Dr. Kim Holloway

Dr. Holloway’s main research interests lie in the control of mammalian meiotic progression and the mechanisms governing timing and placement of meiotic recombination events in the germ line.
Dr. Holloway attained her Ph.D from the University of Leicester in the UK, studying the patterns of linkage disequilibrium (LD) in the human genome and directly measuring the frequency and distribution of meiotic recombination events in the male germ line. It is a general feature of most eukaryotic genomes that recombination events are clustered into narrow 2kb intervals, known as hotspots, which tend to punctuate extended blocks of limited haplotype diversity, or coldspots. To date, several human meiotic recombination hotspots have been characterized at high resolution by these single molecule techniques mapping recombination events in single sperm. She identified and characterized hotspots within the human genome, both in terms of crossover frequency, and in terms of non-crossover, or gene conversion, frequency. The main focus of Dr. Holloway’s studies centered around the recombination hotspot within the β-globin gene. In addition to the crossover analysis, she also identified novel deletion breakpoints within the β-globin gene region, which appeared to avoid the hotspot region, proving that this hotspot had little, or no, affect on creating de novo disease causing deletions.
More recently, Dr. Holloway has become interested in the mechanisms controlling crossover placement and frequency within the murine genome. She characterized a mutation in the Mus81 gene in the mouse germ line, and how it affects recombination, seemingly increasing the number of MLH1 foci, the markers for class I crossovers, without increasing the physical number of crossovers, or chiasmata, within the cell. Stemming from this research, she went on to study the Blm mutation in the mouse, which has the adverse effect on recombination, causing many more physical chiasmata in the cell. Taken together, these studies marked the first evidence that these two classes of crossover exist in the mouse, as they had been previously shown to do in yeast and plants. Dr. Holloway has also begun to work on characterizing the effects of multiple mutations within the Fanconi Anemia family of genes, most specifically in a gene called Slx4 (also known as Btbd12, or more recently named FancP), which shows a mild meiotic phenotype coupled with a much more serious pre-meiotic phenotype in the germ line stem cell population. Coupled together, these defects lead to a massive decrease in fertility in these mice. Stemming from this, her research has lead to study other Fanconi Anemia genes within the context of germ line stem cell production and meiotic progression.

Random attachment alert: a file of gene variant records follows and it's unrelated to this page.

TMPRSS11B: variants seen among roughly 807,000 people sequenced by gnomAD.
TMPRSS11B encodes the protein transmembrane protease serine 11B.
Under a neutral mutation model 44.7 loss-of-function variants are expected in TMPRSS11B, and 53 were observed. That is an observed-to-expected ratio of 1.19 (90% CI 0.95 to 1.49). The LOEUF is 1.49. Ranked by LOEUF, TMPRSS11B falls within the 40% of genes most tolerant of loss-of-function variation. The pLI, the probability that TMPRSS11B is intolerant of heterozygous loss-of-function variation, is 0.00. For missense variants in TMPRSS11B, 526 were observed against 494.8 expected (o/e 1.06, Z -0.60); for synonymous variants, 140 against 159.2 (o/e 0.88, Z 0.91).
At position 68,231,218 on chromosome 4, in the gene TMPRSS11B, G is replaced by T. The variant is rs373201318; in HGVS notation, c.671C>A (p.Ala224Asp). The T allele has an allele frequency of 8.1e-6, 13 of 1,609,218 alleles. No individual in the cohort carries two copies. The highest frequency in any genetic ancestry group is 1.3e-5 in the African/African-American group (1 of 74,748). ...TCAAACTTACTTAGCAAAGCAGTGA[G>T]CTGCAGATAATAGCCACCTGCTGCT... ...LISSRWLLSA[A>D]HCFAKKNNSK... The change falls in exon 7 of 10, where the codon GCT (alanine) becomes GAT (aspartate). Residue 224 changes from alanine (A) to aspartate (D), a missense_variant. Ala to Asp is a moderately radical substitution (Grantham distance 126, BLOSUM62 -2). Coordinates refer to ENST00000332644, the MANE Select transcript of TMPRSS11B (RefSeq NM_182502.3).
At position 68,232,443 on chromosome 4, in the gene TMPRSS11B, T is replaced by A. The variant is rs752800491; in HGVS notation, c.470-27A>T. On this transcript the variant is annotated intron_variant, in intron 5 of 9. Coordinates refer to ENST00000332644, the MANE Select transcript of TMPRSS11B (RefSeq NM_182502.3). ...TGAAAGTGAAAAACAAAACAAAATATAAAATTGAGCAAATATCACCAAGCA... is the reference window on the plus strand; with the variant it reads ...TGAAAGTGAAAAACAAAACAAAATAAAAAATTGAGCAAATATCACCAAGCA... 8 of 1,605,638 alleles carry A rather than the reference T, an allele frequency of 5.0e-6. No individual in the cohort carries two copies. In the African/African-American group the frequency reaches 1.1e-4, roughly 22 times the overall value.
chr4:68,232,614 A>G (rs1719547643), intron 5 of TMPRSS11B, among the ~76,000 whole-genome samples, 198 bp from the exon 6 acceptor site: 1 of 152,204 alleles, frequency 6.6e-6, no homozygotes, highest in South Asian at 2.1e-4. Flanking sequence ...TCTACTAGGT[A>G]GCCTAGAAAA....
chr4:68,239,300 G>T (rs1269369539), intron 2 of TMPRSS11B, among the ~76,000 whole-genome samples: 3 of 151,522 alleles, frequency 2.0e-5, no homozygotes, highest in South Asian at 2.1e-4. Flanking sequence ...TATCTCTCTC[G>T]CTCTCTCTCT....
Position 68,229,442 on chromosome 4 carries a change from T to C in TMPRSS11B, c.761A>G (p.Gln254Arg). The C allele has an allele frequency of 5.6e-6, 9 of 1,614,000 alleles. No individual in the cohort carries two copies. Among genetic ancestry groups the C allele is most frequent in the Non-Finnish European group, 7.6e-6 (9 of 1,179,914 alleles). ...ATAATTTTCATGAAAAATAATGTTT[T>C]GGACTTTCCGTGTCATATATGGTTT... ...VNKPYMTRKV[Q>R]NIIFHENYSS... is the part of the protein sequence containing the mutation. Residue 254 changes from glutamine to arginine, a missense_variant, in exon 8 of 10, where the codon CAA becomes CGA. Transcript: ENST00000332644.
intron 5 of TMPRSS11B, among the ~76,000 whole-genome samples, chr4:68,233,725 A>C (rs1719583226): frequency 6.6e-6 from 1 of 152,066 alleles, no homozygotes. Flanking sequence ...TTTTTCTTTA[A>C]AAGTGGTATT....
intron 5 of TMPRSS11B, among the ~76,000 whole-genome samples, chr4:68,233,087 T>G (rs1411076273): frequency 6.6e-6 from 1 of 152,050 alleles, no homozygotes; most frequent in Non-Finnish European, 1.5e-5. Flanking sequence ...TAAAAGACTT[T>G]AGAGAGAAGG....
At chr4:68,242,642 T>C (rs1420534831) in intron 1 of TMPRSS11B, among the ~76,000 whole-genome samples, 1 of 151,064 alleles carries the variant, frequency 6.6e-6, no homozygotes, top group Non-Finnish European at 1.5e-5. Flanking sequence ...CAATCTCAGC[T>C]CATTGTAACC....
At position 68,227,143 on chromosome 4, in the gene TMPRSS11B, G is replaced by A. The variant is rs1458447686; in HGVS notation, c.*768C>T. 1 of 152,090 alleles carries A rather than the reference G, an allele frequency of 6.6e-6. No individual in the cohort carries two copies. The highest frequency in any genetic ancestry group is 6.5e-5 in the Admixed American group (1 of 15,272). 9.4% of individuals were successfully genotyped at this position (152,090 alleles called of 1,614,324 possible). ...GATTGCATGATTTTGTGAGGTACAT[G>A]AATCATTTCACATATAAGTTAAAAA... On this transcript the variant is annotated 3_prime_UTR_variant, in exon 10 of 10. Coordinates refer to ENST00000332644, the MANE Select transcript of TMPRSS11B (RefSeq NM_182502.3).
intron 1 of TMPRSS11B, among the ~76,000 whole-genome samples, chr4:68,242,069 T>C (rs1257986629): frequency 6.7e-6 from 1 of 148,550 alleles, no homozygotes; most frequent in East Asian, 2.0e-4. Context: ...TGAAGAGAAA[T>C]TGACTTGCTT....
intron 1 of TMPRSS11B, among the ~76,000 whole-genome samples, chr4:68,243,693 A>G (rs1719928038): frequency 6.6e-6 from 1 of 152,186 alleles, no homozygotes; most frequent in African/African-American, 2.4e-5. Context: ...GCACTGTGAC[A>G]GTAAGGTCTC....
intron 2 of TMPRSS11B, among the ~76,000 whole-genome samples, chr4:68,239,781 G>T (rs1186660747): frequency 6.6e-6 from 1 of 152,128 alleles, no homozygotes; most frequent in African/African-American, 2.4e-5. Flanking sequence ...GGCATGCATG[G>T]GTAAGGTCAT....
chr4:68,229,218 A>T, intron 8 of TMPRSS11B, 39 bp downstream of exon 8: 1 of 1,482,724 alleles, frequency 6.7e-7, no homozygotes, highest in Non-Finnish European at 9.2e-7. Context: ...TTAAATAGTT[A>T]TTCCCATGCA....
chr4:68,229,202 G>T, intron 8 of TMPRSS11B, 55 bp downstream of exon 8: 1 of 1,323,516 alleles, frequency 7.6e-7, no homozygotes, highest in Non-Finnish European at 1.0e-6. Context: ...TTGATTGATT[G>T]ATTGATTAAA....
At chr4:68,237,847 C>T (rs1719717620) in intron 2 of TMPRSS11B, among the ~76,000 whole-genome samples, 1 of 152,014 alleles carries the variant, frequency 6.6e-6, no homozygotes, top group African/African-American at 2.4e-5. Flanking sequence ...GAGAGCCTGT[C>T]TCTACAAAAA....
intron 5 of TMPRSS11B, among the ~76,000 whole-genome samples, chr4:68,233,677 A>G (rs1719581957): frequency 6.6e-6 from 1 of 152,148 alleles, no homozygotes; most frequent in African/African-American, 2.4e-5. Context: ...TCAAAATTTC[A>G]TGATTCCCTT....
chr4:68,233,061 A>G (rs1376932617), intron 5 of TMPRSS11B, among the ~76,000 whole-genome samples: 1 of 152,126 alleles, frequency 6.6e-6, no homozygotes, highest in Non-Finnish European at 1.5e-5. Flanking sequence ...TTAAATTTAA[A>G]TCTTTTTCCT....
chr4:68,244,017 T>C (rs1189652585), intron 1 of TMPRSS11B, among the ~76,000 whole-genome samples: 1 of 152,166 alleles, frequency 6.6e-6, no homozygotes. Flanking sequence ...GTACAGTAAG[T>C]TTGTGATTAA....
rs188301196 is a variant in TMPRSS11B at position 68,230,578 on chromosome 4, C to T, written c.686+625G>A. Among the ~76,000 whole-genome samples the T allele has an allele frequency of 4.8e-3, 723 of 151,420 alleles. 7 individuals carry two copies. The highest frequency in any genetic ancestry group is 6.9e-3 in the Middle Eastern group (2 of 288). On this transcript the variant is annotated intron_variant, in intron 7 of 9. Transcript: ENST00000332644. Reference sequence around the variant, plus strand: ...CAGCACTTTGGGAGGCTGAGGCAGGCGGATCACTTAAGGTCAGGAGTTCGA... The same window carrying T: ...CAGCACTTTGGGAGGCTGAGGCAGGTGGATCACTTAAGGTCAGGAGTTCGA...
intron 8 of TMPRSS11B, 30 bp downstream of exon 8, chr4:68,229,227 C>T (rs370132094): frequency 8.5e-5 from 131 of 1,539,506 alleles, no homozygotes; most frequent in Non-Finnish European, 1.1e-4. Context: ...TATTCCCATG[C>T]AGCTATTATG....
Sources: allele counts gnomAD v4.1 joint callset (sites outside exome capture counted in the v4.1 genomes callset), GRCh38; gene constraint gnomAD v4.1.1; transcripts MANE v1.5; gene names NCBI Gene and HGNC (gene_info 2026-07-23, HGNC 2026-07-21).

CRG News

First Annual Retreat

The First Annual CRG Retreat in Reproductive and Developmental Genomics was held at Cornell Ithaca on June 14th and 15th. Sponsored by the editorial board of Molecular Reproduction and Development (MRD), and by Wiley Press, this event attracted researchers from all over the NorthEast. For more details, see the website. A meeting review will be published in MRD by trainees in our Center.

Postdoctoral Fellowships Available
In conjunction with the NICHD training grant in Reproductive Genomics, the CRG is pleased to announce its annual competition for postdoctoral fellows. The competition closes March 1st, 2013. See our advert for details
Argonautes in the Testis
The Cohen and Grimson labs have recently demonstrated that two members of the Argonaute small RNA-binding family, AGO3 and AGO4, are required for normal meiotic initiation and progression. Loss of AGO4 results in premature initiation of meiosis in neonatal male mice, as well as a loss of silencing of key Y-linked genes. These studies, published in Developmental Cell in August 2012, are the first to implicate AGO proteins, and their RNA binding partners, in mammalian gametes.
Breast Cancer Gene Identified
Cancerous tumors contain hundreds of mutations, and finding these mutations that result in uncontrollable cell growth is like finding the proverbial needle in a haystack. As difficult as this task is, it’s exactly what a team of scientists from Cornell University, the University of North Carolina, and Memorial Sloan-Kettering Cancer Center in New York, headed by Dr. John Schimenti, have done for one type of breast cancer. In a report appearing in the journal Genetics, Dr. Schimenti and his collaborators show that mutations in a gene called NF1 are prevalent in more than one-fourth of all noninheritable or spontaneous breast cancers. For more information, see press release.